Inspire® Upper Airway Stimulation™ is a new treatment available for patients with obstructive sleep apnea who do not tolerate or do not benefit from positive airway pressure therapy. Keck Medical Center of USC was the first center in Los Angeles to offer this therapy. Our team has substantial experience with this approach with specific expertise in selecting patients who will respond best to this treatment and then performing the surgery.
The tongue can play a major role in obstructive sleep apnea. During sleep, the muscles in the body relax, which may lead to the tongue falling back and blocking breathing in the throat. The Upper Airway Stimulation™ system uses similar technology to that in heart pacemakers to stimulate the hypoglossal nerve, the nerve that controls tongue movement. All components of the system are placed inside the body during a surgical procedure. A pulse generator is placed on top of the chest (pectoralis) muscle and is connected to two leads. The system is turned on during sleep using a remote control. When on, the pulse generator sends a signal through a stimulation lead to the hypoglossal nerve in the neck. This moves the tongue forward and can pull the soft palate (roof of the mouth) forward, as well, opening up the entire throat for breathing. A sensors lead measures breathing patterns so that the nerve stimulation occurs only when a patient is breathing in. The nerve stimulation in the system does not wake patients from sleep because the device is inside the body and does not cause any pain.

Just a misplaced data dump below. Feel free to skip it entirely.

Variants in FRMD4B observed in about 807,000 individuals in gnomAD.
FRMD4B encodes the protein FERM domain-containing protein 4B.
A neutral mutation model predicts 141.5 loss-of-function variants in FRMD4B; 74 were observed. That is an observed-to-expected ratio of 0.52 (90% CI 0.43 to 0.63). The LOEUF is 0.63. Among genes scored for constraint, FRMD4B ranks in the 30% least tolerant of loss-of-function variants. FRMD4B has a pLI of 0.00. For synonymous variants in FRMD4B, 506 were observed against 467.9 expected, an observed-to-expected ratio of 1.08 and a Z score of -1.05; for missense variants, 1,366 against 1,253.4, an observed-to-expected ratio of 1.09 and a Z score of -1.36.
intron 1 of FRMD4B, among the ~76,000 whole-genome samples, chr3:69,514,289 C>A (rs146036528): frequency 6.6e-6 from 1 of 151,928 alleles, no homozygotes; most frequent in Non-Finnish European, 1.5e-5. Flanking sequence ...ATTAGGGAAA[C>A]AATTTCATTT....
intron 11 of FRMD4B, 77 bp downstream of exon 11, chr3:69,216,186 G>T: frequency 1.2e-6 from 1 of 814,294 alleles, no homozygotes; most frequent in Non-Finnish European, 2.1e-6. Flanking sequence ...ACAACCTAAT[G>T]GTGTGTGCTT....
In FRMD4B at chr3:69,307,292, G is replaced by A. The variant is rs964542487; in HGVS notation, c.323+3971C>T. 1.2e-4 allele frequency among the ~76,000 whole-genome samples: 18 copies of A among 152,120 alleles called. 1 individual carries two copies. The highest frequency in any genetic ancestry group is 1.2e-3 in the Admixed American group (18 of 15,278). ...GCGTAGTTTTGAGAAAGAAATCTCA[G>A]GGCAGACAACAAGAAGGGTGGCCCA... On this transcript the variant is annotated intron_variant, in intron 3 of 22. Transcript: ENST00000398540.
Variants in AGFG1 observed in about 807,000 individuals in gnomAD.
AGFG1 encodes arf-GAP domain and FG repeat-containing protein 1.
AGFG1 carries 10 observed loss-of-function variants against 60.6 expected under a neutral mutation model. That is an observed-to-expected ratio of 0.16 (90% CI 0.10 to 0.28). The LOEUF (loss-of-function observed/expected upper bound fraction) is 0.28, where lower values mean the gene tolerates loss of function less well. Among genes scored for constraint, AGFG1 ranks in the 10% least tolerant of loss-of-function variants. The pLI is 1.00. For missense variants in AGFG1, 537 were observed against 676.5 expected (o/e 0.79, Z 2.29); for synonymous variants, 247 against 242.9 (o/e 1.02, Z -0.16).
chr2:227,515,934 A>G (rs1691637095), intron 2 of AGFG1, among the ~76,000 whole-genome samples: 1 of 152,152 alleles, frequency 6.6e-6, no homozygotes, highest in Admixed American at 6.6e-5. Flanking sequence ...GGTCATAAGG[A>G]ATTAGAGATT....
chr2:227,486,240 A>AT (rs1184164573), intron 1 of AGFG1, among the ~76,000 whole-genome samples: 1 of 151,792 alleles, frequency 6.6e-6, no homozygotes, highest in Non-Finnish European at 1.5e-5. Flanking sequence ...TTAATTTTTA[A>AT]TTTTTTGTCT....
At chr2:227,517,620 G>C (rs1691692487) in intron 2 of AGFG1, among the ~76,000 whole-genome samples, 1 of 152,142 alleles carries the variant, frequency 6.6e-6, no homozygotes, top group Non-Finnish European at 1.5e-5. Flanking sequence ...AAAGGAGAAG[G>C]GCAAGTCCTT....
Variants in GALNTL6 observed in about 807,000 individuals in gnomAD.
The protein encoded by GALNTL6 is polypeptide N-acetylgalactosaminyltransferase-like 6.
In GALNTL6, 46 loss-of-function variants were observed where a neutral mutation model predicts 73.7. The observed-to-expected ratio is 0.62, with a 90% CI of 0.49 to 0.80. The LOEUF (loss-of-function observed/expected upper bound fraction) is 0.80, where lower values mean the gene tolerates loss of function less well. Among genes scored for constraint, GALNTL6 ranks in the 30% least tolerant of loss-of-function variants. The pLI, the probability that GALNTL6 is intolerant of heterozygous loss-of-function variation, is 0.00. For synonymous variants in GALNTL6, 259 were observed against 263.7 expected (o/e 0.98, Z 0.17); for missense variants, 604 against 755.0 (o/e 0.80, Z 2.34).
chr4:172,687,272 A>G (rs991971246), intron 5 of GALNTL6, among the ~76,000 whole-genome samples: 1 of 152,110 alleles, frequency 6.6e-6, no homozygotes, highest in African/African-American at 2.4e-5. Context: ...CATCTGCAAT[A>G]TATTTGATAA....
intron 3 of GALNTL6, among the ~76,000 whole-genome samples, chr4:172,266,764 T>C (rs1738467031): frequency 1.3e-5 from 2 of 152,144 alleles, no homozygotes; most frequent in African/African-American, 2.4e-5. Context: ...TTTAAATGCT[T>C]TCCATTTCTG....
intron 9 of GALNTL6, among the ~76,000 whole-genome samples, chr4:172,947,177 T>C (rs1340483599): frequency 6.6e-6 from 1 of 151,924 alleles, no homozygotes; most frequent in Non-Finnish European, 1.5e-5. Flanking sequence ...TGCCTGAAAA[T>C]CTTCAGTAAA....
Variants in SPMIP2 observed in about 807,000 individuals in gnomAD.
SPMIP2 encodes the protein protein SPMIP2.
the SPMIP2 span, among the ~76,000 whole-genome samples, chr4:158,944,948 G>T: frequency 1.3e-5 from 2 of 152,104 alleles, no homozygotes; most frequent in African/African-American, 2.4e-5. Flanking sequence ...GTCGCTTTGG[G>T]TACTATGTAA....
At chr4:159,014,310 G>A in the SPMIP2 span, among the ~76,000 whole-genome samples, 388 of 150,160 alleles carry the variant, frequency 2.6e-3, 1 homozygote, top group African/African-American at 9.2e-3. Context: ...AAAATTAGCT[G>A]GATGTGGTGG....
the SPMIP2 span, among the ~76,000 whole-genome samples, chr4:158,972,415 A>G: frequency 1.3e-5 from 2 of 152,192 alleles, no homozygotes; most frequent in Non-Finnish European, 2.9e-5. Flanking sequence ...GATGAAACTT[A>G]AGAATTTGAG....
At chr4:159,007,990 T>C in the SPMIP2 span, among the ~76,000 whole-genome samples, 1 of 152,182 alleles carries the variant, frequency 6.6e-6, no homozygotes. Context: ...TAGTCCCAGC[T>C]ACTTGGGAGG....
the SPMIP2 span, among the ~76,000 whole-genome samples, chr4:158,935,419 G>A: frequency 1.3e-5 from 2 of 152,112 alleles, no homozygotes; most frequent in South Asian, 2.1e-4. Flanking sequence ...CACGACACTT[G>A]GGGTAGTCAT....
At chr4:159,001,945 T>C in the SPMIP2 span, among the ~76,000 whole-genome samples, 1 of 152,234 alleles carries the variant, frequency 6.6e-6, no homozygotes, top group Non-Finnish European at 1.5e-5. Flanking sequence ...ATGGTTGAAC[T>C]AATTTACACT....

Research results have been published in major scientific journals, including the New England Journal of Medicine. Studies have shown that two out of three patients who received the Upper Airway Stimulation™ device achieved substantial improvement or resolution of their sleep apnea. An interesting part of the study examined patients that responded well to Upper Airway Stimulation™. In half of them, the device was kept on at night, and they maintained the same benefit in treating their sleep apnea. In the other half, the device was kept off for a month and then turned back on. Results showed that the sleep apnea returned when the device was turned off and then cleared up when it was turned back on. The study showed a clear benefit to treatment with the Upper Airway Stimulation™ system.